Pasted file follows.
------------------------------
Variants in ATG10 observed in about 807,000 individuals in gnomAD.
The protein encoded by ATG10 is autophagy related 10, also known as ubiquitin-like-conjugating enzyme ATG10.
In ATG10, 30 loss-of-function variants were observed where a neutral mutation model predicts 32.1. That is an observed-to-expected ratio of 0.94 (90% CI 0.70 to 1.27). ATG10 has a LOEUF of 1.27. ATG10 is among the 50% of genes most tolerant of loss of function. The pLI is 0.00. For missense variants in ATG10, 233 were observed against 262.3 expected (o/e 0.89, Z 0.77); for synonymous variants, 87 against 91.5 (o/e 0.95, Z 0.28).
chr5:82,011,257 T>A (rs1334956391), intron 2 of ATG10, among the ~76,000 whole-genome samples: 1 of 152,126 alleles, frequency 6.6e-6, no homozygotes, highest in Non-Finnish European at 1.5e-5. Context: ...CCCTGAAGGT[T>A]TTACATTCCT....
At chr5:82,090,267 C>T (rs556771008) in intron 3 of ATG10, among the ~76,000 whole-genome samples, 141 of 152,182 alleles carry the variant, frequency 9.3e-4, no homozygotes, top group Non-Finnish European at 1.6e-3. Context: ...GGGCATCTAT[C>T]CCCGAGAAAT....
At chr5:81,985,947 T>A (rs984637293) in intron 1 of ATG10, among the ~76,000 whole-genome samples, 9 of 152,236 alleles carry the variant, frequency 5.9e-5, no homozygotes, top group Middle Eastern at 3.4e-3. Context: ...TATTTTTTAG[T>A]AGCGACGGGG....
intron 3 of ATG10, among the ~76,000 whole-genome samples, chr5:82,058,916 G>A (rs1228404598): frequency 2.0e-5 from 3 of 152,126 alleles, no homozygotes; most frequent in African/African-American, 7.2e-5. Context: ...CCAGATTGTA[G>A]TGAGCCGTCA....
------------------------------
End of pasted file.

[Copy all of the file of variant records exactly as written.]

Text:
Variants in ATG10 observed in about 807,000 individuals in gnomAD.
The protein encoded by ATG10 is autophagy related 10, also known as ubiquitin-like-conjugating enzyme ATG10.
In ATG10, 30 loss-of-function variants were observed where a neutral mutation model predicts 32.1. That is an observed-to-expected ratio of 0.94 (90% CI 0.70 to 1.27). ATG10 has a LOEUF of 1.27. ATG10 is among the 50% of genes most tolerant of loss of function. The pLI is 0.00. For missense variants in ATG10, 233 were observed against 262.3 expected (o/e 0.89, Z 0.77); for synonymous variants, 87 against 91.5 (o/e 0.95, Z 0.28).
chr5:82,011,257 T>A (rs1334956391), intron 2 of ATG10, among the ~76,000 whole-genome samples: 1 of 152,126 alleles, frequency 6.6e-6, no homozygotes, highest in Non-Finnish European at 1.5e-5. Context: ...CCCTGAAGGT[T>A]TTACATTCCT....
At chr5:82,090,267 C>T (rs556771008) in intron 3 of ATG10, among the ~76,000 whole-genome samples, 141 of 152,182 alleles carry the variant, frequency 9.3e-4, no homozygotes, top group Non-Finnish European at 1.6e-3. Context: ...GGGCATCTAT[C>T]CCCGAGAAAT....
At chr5:81,985,947 T>A (rs984637293) in intron 1 of ATG10, among the ~76,000 whole-genome samples, 9 of 152,236 alleles carry the variant, frequency 5.9e-5, no homozygotes, top group Middle Eastern at 3.4e-3. Context: ...TATTTTTTAG[T>A]AGCGACGGGG....
intron 3 of ATG10, among the ~76,000 whole-genome samples, chr5:82,058,916 G>A (rs1228404598): frequency 2.0e-5 from 3 of 152,126 alleles, no homozygotes; most frequent in African/African-American, 7.2e-5. Context: ...CCAGATTGTA[G>A]TGAGCCGTCA....